Tesco is expected to reveal a dip in profits for the past year as the supermarket group grappled with rampant food and drink inflation.
The UK’s largest retailer will update investors and analysts over its financial performance for the year to February in an update on Thursday April 13.
A consensus of analysts has said Tesco is due to reveal a strong rise in sales but lower profits due to the challenging backdrop for costs.
It is predicted to unveil a group adjusted operating profit of £2.6 billion for the year, which would be down from £2.8 billion a year earlier.
Profitability has been dented by rocketing energy prices and higher labour costs over the past year.
UK Consumer Price Index (CPI) inflation saw a shock increase to 10.4 per cent in February due to increased pressure on food prices, which worsened as a result of recent fruit and vegetable shortages.
Food and non-alcoholic drinks prices rose by 18 per cent year on year in February, according to the Office for National Statistics (ONS).
What are investors expecting?
Tesco’s buying power will have shielded the group from inflation quite this high but chief executive officer Ken Murphy said at the firm’s previous update in January that it expected more inflation to hit the retailer.
Shareholders will be eager for the company to outline whether its cost inflation is starting to ease back yet or if profits are likely to remain constricted for longer.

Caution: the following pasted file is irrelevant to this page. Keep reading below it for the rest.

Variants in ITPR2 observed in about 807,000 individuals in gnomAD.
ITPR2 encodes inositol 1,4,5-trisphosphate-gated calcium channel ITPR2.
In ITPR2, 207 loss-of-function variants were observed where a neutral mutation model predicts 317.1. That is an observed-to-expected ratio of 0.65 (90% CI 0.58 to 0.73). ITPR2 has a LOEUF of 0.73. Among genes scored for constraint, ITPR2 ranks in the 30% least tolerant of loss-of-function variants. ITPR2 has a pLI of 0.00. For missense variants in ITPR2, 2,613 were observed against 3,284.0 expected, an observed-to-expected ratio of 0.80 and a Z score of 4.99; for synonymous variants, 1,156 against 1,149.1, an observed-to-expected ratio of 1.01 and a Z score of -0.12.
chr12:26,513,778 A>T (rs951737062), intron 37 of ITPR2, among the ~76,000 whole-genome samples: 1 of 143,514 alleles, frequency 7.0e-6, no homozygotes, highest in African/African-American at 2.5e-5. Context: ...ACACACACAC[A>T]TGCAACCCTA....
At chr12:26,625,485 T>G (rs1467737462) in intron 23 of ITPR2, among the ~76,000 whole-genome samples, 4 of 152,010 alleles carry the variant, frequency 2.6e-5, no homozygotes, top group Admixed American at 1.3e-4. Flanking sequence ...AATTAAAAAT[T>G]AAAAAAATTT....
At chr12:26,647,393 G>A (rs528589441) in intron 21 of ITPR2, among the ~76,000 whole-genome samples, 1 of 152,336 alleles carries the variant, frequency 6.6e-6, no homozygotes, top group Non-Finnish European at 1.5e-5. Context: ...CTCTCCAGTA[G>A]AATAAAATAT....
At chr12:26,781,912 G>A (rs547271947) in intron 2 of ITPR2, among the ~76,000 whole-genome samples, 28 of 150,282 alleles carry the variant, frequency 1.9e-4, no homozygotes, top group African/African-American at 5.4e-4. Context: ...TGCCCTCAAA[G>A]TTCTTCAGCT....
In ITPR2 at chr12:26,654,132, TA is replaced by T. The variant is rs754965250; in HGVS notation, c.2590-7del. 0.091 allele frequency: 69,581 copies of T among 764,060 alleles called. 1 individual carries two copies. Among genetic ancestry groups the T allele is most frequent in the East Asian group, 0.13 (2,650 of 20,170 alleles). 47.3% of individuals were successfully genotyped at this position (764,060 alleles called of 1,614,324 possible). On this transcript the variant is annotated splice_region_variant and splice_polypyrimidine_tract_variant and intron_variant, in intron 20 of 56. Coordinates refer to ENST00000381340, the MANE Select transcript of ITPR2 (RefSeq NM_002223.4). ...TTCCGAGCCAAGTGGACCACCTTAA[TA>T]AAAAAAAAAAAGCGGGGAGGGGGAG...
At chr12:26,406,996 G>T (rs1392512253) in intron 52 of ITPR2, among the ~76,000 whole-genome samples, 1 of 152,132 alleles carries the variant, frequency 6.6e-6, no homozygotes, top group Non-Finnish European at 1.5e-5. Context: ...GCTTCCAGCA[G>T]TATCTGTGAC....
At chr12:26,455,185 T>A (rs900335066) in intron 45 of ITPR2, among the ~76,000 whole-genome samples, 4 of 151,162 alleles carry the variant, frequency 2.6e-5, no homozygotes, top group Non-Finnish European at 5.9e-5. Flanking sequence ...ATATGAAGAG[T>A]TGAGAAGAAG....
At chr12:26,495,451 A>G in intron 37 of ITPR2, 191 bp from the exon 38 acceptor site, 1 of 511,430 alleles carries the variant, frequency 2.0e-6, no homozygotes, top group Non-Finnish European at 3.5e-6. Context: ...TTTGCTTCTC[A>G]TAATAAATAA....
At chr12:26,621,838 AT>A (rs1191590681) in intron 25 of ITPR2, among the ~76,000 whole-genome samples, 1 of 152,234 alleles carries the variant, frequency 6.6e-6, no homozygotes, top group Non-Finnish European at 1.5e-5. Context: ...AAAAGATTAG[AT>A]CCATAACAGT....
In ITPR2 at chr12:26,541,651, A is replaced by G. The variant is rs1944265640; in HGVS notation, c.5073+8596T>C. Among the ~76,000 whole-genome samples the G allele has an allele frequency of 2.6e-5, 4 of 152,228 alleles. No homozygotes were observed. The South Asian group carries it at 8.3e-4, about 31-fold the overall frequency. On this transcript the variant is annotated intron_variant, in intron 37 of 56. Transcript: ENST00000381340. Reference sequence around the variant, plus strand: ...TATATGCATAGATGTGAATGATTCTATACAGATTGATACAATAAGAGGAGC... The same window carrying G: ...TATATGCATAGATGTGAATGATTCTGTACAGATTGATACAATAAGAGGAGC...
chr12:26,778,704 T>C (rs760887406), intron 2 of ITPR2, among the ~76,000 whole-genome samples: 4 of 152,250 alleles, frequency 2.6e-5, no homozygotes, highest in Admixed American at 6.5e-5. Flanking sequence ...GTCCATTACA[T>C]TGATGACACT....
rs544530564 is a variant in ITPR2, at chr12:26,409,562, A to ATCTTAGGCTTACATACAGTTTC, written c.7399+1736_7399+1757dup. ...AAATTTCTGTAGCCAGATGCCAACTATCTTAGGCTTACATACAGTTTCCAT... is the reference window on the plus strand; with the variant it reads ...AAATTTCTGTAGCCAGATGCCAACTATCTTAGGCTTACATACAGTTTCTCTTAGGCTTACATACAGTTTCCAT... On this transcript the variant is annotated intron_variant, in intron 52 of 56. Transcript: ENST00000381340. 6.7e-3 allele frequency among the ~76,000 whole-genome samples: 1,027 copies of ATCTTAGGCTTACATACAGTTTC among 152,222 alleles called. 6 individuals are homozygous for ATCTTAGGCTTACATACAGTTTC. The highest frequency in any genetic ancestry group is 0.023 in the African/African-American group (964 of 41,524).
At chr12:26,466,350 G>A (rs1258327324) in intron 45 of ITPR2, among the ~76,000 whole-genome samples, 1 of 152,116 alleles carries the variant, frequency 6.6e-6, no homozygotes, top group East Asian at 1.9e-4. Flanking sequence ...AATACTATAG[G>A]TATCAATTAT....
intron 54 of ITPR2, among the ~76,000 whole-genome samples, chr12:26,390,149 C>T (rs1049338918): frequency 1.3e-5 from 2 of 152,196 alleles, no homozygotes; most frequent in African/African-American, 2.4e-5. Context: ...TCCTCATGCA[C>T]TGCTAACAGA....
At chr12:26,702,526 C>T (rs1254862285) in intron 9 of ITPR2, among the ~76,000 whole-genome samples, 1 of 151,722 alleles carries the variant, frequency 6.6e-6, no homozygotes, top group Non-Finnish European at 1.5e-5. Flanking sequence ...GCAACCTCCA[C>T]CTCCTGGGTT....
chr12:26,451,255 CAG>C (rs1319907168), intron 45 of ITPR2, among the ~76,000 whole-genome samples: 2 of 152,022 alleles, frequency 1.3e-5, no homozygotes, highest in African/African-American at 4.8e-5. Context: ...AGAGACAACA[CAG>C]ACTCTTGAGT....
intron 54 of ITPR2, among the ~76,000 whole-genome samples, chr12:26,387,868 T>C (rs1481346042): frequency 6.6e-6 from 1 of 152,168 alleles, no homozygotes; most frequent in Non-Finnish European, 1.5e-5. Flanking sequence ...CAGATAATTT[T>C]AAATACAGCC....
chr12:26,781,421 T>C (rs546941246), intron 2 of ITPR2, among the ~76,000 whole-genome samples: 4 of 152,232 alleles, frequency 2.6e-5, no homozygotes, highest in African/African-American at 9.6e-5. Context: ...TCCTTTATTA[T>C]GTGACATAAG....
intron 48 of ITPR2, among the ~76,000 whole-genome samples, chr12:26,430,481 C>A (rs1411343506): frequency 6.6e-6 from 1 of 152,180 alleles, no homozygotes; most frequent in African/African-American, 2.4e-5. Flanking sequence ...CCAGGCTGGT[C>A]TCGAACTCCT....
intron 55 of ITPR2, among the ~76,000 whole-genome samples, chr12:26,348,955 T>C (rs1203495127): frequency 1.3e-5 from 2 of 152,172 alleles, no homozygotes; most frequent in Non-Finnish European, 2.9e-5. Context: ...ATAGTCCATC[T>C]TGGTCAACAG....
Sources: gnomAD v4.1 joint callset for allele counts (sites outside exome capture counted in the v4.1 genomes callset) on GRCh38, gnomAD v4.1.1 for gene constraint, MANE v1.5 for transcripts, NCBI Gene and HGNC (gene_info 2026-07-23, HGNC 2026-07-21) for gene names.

Profitability has also been dented by the retailer’s investment in prices to keep customers coming through the door in the face of the continued growth of German discounter rivals Aldi and Lidl.
The efforts on value have helped support significant sales growth, with revenues expected to have risen to £65.7 billion over the past year from £54.8 billion.
Analysts have suggested that shareholders will be looking for efforts from the company to continue to support its market share amid the volatile economic backdrop.
“As the market leader, the group has market share of over 27% but, because of tough conditions, supermarkets like Aldi are enticing new customers,” said Sophie Lund-Yates, lead equity analyst at Hargreaves Lansdown.
“We don’t expect the league tables to be upended. But it will be important to assess if Tesco’s share has been nibbled away at, which would suggest consumer pressure is higher than previously thought.”
Bosses at Tesco will also have an opportunity to keep shareholders updated regarding its current strategy, which has seen the company cut further costs, such as through a management overhaul announced in January which cut around 2,100 jobs.
Sky News reported in February that the group was also reviewing the future of its banking arm.